Performers occasionally hold a pillow in their outstretched hands, an offering pressed under a fellow’s dancer’s elbow, or hip, or neck. The moment of contact initiates a slow sink to the floor. The prop recalls a moment from Rainer’s Continuous Project–Altered Daily, performed in March 1970 at the Whitney Museum of American Art. Borrowing its title from another Robert Morris piece at the Whitney, the work was indeterminate, making visible the intimate labor of making dances: teaching, rehearsing, and performing. Within that framework, any dancer could initiate the section, Chair/Pillow, 1969, simply by asking the sound technician to play its score (Ike & Tina Turner’s ecstatic “River Deep Mountain High,” linked to another decline, that of its producer, Phil Spector). The rule was, everyone had to join in.

Some of that logic organizes the present work; within a predetermined structure, the dancers are deputized to make spontaneous choices, stopping or starting phrases at will. The dancers—Pat Catterson, Patricia Hoffbauer, Emmanuèle Phuon, Keith Sabado, and David Thomson—do so magnificently, moving expertly and making decisions with polished tenacity. Glimpses of their personalities emerge like Rainer’s striped socks: a flash of focused determination here, a wobbly insouciance there.

Those socks are encased within Rainer’s all-black Nikes, matched by Sauconys, Asics, and three pair of Keds (for some, a particular squeak is that of basketball players pivoting on the court; for this audience, I imagine the association is always sneaker-wearing dancers). Later, Rainer will make a shooting-hoops “swoosh” gesture with crooked elbow and bent wrist. This too is a delicious surprise, like the childhood scandal of seeing a teacher in the grocery store or the friend of a parent who lets you in on a dirty joke.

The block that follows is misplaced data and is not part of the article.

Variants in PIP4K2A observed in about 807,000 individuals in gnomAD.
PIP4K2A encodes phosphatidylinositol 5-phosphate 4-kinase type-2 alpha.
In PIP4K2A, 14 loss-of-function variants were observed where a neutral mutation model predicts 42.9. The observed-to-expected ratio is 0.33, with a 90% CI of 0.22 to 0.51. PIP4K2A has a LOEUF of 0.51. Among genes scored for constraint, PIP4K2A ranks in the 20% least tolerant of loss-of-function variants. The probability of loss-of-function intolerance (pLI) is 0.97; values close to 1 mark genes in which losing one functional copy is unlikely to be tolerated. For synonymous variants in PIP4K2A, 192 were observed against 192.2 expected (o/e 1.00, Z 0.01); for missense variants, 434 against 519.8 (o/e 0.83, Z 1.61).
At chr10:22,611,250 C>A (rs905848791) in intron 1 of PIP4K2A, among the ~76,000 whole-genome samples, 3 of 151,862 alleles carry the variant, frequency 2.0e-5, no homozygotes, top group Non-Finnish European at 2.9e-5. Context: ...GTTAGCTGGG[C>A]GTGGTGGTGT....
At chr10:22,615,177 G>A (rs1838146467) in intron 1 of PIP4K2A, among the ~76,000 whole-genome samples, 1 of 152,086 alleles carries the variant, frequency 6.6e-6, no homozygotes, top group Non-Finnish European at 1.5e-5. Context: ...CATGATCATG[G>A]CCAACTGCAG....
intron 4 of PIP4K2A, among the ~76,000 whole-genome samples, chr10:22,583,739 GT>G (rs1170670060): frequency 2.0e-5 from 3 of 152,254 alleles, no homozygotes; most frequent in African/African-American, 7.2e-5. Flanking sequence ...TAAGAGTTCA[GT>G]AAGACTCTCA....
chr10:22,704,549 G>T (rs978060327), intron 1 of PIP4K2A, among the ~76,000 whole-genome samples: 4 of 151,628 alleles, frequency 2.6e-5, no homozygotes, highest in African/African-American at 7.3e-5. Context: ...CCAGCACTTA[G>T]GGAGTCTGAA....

Her gesture emerges out of a forcible huddle. The throng has been initiated at Rainer’s imperative: “crush!” It’s a violence that is also a kind of caress. Pressing together, they shove and stutter-step, then recalibrate, beginning again.

The final shock: Rainer has never before performed at MoMA. Afterward, several people express incredulity at this fact: We still believe in the museum as a maker of canons, a legitimizing force, and Rainer’s work has mattered to so many. Our reading assignment, titled “Some Random Ruminations on Value,” has anticipated these questions. Prompted by Ralph Lemon’s 2013–14 series of talks and performances (“On Value”) hosted by MoMA, her essay was to accompany a never-realized performance, Value Talk #5. Rainer was to sleep beneath Rousseau’s painting in the galleries during public hours. In some ways, both the “postponed” performance and the text are addressed to all the ink spilled about dance in the white cube.

But they are also about more. Rainer asks, “But in this age of chronically frustrated desires do we want to see more than a painting of a sleeping gypsy? Do you want to see more than the body of a sleeping dancer? Do you want to touch her? Do you want to test her, feel her?”

I sense that we do. Both rapt and rapacious, we want more from the woman who has wrestled with the authority that authorship implies (and can now make jokes about it), and with representation, the threat and mangle of it. We want her to tell us what it is to watch bodies in a room, and to disclose everything she knows about desire—both the chronically frustrated and the inadequately fulfilled—and renunciation. Rainer is most famous for saying “no,” but it’s our most unforgivable amnesia that we forget how often she has also said yes. It is worth so much.

Yvonne Rainer’s The Concept of Dust, or How do you look when there’s nothing left to move? was organized by Ana Janevski, with Giampaolo Bianconi and ran June 9–10, 13–14 at the Museum of Modern Art in New York.